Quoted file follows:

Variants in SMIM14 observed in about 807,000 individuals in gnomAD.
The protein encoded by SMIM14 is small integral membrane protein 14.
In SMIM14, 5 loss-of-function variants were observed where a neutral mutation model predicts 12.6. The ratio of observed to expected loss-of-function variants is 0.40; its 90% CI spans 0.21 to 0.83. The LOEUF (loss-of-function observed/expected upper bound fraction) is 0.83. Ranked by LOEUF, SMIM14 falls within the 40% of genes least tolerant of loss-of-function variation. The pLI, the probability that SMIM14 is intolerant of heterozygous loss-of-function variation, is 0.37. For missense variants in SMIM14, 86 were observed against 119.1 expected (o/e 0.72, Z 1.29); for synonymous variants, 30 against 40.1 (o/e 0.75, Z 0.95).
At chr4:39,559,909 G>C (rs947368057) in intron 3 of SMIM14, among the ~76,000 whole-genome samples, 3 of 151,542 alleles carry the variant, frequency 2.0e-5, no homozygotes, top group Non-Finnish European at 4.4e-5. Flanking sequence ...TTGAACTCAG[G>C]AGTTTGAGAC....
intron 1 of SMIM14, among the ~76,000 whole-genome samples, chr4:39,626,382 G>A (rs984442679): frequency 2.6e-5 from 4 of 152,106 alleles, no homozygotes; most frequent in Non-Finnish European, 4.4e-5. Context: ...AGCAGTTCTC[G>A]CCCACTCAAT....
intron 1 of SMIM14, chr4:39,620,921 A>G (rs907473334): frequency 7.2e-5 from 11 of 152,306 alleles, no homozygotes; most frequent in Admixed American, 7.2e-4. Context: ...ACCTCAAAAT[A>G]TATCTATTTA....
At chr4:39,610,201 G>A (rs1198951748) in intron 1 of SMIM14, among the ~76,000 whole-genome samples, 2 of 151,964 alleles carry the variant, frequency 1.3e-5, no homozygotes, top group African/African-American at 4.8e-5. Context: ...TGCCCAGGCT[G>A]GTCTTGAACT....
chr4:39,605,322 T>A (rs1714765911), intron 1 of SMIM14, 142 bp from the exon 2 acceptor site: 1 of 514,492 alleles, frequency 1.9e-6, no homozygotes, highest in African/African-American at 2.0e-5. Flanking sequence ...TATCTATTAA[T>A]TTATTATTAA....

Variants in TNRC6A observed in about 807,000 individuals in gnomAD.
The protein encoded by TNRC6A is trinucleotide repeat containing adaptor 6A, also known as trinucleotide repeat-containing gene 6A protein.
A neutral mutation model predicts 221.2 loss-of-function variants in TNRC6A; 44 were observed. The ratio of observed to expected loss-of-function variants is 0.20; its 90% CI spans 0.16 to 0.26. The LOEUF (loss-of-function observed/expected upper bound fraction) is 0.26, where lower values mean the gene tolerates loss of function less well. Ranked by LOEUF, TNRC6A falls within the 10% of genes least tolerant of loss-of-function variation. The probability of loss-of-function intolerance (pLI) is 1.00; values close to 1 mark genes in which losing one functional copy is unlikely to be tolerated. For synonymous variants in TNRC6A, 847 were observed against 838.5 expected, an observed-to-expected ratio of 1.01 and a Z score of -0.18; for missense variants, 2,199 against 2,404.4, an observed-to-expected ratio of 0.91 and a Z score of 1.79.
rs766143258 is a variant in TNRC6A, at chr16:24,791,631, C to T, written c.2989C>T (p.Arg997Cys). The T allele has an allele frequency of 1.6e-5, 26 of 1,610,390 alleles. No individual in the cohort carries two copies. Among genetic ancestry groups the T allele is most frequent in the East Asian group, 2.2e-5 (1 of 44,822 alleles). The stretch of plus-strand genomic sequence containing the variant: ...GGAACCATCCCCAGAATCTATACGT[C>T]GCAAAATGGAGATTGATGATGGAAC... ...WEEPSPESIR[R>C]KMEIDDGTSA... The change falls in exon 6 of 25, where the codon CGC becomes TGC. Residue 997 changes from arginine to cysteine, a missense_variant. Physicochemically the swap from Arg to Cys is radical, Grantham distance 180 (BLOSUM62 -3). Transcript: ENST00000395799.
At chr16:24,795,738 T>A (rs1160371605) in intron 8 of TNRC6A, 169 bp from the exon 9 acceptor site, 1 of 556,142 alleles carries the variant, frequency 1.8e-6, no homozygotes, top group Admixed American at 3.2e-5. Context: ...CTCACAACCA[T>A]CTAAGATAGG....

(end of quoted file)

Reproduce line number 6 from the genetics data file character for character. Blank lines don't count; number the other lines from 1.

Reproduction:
intron 1 of SMIM14, chr4:39,620,921 A>G (rs907473334): frequency 7.2e-5 from 11 of 152,306 alleles, no homozygotes; most frequent in Admixed American, 7.2e-4. Context: ...ACCTCAAAAT[A>G]TATCTATTTA....